Building and Wood
Recommend this page
Stay up to date on news and events in the BWI. Join our email news service!
Sandy Cijntje has 34 years old and for the first time is part of Executive Committee of SEBI, she is an administration worker on a Construction Company in Curazao. Recently she represented your region on the Construction Workers Conference in United States, Sacramento, California.
This interview is about her union work, interests on worker from Construction sector in the Caribbean and the equality of men and women in the Executive Committee of SEBI.
Q: What kind of contributions is giving you to the SEBI by on the new executive committee?
R: I am a person who firmly opposes injustice, unfair treatment and especially when it comes to woman discrimination. So know that I am a board member of the SEBI I can in a more meaningful way fight against the above mentioned. I think that it is very important to give the members information so that they are better informed, prepared, and can support the union better. I am also good at mobilizing members for action.
I know I will be from edit value to my union.
Q: Briefly tell us about your unionist background in Curacao.
R: I am very new in the trade union. After being a shop steward for some time, last September I was elected as a board member.
Q: Which aspects can be taken to enable women increased their representation in the organizational structures of trade unions?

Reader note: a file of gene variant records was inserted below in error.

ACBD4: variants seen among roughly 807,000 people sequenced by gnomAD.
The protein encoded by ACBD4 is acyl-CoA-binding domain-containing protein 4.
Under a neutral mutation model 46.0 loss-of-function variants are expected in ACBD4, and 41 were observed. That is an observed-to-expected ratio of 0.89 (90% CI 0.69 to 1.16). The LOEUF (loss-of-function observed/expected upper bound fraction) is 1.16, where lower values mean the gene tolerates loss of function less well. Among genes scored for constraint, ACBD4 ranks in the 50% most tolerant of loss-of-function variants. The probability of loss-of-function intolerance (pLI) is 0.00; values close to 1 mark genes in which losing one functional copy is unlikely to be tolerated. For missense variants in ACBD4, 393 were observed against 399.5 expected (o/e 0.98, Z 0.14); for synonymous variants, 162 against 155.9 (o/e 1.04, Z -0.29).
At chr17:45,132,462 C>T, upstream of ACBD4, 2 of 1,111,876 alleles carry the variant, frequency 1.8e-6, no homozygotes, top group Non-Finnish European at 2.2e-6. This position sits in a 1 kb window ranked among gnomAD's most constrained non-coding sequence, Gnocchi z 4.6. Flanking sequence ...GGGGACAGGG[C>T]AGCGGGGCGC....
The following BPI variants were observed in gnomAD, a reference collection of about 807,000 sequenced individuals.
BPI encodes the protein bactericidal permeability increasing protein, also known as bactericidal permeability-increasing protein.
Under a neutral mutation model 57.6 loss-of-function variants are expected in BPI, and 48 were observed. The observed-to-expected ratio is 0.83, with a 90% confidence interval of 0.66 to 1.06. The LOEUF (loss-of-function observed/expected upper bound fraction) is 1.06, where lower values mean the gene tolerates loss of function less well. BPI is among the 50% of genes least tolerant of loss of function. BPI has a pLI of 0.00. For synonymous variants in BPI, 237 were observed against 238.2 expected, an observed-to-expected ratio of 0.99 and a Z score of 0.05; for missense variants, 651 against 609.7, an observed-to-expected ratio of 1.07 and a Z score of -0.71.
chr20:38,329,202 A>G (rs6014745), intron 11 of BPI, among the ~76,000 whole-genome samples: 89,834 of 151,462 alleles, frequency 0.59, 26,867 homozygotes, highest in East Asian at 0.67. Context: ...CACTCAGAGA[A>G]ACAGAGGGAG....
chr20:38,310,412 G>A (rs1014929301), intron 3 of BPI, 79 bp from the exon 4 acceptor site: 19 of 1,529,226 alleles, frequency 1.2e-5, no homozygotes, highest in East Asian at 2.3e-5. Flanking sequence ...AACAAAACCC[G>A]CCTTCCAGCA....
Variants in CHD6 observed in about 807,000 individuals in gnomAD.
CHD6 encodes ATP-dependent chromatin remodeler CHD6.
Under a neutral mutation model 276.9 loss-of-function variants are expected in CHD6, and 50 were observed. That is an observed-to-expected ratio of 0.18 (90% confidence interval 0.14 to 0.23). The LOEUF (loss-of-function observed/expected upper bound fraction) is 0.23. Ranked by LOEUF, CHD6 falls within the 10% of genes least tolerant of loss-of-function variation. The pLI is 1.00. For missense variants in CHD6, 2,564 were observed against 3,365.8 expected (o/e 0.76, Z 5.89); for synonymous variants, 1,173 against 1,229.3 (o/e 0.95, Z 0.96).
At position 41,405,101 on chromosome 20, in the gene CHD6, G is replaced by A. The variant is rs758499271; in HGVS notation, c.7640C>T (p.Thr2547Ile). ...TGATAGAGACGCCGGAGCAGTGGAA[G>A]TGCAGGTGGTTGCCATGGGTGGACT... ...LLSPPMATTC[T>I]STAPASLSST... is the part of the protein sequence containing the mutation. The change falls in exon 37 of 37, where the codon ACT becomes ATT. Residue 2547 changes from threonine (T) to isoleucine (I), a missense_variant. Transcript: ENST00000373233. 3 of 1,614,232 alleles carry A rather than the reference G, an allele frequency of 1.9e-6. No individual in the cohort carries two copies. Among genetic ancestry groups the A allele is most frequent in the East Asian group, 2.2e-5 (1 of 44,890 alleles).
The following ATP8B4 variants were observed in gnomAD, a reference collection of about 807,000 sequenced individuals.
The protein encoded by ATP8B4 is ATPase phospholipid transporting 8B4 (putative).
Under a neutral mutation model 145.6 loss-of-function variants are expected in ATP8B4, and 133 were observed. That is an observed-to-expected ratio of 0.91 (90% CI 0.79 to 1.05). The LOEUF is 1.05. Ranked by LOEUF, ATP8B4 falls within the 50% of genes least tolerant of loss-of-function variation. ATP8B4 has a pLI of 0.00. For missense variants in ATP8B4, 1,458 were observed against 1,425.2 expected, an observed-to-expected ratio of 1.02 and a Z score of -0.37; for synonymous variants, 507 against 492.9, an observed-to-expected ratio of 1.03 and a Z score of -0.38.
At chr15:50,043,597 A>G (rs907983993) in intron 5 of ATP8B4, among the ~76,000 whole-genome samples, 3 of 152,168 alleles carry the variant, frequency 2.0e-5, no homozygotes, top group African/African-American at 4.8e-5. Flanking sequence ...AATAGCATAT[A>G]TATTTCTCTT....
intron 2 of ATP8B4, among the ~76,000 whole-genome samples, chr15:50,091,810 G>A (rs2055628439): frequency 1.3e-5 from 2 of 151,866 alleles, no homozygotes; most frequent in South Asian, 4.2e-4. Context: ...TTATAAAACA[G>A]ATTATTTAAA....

R: I can use my Union as an example. SEBI’s board consists for 50% of female members. This is why we as the female board members have a meaningful and a very important role in the decision making level. In addition, we made sure that in the collective labour agreement they included the basic needs of women like for example pregnancy/maternity leave.
Q: What you believe are the interests of workers in the construction sector in the Caribbean region?
R: To have the opportunity to learn a profession and by this get a better job and better working conditions;
They do not have problems with migrant workers. But they believe in a 80/20% work situation, so that the job opportunities are filled firstly by the local job-applicants, but migrant workers need to be treated fairly, equal work equal pay;
Construction workers in Latin America, Curaçao and other Caribbean islands do not like to be for example a carpenter a bricklayer because of the temperature that is very hot. In some Caribbean Islands the wages are not sufficient;
The employer has to make sure that the workers.